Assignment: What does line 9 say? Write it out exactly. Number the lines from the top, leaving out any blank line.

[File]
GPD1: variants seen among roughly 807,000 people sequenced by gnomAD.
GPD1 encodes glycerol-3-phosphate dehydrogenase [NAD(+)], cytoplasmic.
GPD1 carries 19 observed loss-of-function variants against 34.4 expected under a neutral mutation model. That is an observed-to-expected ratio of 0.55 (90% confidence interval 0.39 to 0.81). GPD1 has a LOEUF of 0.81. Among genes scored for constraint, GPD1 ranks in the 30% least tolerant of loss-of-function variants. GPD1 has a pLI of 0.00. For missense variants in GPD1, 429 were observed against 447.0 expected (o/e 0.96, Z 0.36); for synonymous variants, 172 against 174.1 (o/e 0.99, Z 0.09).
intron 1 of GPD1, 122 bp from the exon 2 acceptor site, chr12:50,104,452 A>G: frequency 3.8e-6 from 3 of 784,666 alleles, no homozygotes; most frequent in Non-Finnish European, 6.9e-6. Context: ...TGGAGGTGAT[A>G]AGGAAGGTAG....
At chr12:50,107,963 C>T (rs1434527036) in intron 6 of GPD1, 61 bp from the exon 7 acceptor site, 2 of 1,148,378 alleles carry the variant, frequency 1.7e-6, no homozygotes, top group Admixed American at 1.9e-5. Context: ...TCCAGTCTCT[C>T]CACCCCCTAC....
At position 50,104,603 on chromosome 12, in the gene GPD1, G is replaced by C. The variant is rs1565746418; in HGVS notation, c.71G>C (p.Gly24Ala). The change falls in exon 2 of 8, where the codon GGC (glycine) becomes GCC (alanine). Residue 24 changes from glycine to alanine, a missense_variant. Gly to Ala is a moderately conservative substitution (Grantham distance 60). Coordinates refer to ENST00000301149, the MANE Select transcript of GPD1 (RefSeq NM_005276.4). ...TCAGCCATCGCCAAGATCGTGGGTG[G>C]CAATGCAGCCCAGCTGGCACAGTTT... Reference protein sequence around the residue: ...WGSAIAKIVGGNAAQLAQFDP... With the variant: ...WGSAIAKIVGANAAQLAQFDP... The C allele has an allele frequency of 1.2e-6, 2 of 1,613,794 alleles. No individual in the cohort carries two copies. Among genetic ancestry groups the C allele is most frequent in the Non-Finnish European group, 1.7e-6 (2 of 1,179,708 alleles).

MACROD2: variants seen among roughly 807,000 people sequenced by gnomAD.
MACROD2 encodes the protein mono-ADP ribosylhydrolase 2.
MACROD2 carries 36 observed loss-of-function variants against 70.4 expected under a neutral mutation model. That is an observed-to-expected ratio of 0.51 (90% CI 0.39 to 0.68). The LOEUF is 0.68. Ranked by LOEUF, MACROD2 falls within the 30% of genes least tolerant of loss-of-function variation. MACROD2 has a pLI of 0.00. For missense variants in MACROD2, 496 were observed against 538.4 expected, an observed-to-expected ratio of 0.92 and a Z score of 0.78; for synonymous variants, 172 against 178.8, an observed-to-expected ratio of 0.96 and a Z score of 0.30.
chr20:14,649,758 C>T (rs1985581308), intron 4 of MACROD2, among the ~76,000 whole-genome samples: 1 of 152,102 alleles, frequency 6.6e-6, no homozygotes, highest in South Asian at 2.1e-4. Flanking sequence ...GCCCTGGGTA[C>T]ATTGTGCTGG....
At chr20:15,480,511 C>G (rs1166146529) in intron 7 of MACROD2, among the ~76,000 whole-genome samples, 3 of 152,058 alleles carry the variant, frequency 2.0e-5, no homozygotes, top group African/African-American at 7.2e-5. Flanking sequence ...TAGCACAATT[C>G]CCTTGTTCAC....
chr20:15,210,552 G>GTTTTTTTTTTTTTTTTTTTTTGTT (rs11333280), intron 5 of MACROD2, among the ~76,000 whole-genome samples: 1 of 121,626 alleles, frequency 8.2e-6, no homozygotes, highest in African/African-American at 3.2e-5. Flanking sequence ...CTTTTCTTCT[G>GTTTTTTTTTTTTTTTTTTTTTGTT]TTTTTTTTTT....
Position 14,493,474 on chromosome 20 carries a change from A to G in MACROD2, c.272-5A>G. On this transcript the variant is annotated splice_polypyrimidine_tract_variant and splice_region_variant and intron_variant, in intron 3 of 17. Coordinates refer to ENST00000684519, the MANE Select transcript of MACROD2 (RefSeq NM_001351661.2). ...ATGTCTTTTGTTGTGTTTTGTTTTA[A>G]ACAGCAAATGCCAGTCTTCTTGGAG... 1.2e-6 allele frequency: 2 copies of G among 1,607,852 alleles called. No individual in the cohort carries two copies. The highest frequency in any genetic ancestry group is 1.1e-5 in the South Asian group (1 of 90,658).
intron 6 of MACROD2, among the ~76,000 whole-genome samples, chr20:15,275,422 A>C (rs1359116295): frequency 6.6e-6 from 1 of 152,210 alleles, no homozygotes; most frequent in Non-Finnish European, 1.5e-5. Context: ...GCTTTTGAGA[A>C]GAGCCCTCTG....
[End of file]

MACROD2 carries 36 observed loss-of-function variants against 70.4 expected under a neutral mutation model. That is an observed-to-expected ratio of 0.51 (90% CI 0.39 to 0.68). The LOEUF is 0.68. Ranked by LOEUF, MACROD2 falls within the 30% of genes least tolerant of loss-of-function variation. MACROD2 has a pLI of 0.00. For missense variants in MACROD2, 496 were observed against 538.4 expected, an observed-to-expected ratio of 0.92 and a Z score of 0.78; for synonymous variants, 172 against 178.8, an observed-to-expected ratio of 0.96 and a Z score of 0.30.